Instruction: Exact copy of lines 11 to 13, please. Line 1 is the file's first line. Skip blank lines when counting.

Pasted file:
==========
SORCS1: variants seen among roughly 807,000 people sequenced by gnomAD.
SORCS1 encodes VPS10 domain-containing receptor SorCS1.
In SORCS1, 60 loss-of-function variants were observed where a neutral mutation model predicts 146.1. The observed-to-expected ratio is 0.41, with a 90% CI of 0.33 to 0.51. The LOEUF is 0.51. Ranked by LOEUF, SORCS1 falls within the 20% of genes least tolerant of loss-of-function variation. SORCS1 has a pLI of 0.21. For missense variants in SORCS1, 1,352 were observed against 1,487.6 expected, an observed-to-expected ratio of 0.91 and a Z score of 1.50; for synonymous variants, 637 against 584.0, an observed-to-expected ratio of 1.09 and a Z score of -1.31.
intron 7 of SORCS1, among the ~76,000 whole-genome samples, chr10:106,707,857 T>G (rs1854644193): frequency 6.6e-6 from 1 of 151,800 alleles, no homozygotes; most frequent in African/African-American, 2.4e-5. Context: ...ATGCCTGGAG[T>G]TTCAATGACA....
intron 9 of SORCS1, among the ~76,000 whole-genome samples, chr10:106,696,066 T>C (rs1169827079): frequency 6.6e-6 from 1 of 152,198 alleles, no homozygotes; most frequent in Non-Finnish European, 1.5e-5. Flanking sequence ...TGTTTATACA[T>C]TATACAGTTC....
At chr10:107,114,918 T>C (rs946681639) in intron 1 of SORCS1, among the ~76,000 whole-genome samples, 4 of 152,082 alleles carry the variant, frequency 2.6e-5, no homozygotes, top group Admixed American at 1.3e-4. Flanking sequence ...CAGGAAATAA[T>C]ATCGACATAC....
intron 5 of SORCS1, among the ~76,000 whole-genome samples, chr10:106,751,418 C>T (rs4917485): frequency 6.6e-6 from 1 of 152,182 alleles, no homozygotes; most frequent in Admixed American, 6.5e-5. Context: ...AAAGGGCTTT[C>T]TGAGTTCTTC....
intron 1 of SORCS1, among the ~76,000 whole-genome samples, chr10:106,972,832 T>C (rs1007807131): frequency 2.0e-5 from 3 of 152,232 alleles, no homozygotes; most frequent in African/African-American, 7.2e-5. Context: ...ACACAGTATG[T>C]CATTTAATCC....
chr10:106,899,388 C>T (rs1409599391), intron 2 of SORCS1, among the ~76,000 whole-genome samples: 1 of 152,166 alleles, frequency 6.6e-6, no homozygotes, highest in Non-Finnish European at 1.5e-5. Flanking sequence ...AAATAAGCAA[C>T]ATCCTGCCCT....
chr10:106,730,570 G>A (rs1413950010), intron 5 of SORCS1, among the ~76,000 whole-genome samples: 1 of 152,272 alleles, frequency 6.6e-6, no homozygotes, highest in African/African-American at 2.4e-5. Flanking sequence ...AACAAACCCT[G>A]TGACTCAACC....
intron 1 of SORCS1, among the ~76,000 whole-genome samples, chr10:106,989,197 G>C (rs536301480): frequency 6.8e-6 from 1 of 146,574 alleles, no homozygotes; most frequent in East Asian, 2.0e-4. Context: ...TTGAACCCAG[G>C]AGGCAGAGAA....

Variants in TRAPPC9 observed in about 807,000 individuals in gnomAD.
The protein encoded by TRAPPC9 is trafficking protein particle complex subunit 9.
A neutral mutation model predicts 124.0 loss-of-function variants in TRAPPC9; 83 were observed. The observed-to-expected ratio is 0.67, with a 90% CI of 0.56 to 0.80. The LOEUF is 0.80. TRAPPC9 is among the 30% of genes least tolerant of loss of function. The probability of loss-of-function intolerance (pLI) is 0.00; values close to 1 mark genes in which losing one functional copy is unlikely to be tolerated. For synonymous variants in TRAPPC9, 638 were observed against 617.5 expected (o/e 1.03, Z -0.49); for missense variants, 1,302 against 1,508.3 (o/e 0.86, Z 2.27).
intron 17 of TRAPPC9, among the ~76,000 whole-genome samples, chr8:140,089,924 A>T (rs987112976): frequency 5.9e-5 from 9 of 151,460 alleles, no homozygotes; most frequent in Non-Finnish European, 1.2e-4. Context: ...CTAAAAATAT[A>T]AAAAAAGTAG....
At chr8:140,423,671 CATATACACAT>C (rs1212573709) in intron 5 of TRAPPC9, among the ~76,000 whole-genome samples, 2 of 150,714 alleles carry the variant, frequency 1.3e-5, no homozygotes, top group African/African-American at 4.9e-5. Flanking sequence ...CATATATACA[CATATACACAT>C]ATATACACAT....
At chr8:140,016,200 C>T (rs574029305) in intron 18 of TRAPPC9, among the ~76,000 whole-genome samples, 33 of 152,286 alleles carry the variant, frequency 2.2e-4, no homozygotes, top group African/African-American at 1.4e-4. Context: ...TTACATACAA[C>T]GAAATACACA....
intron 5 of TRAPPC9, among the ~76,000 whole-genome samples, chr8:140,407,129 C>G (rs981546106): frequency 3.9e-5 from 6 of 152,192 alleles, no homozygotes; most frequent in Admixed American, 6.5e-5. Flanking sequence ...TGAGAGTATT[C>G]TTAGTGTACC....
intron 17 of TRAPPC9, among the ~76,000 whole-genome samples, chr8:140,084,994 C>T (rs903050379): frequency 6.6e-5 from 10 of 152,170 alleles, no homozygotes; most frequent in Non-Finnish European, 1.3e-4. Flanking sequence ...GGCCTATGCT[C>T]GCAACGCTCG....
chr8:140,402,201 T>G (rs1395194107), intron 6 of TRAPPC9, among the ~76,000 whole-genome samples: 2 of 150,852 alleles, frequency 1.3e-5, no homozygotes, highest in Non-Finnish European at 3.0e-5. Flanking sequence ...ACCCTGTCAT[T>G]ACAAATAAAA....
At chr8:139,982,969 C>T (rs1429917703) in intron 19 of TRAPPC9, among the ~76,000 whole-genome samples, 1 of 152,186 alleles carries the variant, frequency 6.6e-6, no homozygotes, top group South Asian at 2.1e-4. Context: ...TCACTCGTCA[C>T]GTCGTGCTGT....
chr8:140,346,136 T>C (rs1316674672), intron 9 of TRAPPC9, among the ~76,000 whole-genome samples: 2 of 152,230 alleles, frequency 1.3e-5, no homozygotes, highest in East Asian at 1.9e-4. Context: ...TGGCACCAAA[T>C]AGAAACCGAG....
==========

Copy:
intron 1 of SORCS1, among the ~76,000 whole-genome samples, chr10:106,989,197 G>C (rs536301480): frequency 6.8e-6 from 1 of 146,574 alleles, no homozygotes; most frequent in East Asian, 2.0e-4. Context: ...TTGAACCCAG[G>C]AGGCAGAGAA....

Variants in TRAPPC9 observed in about 807,000 individuals in gnomAD.
The protein encoded by TRAPPC9 is trafficking protein particle complex subunit 9.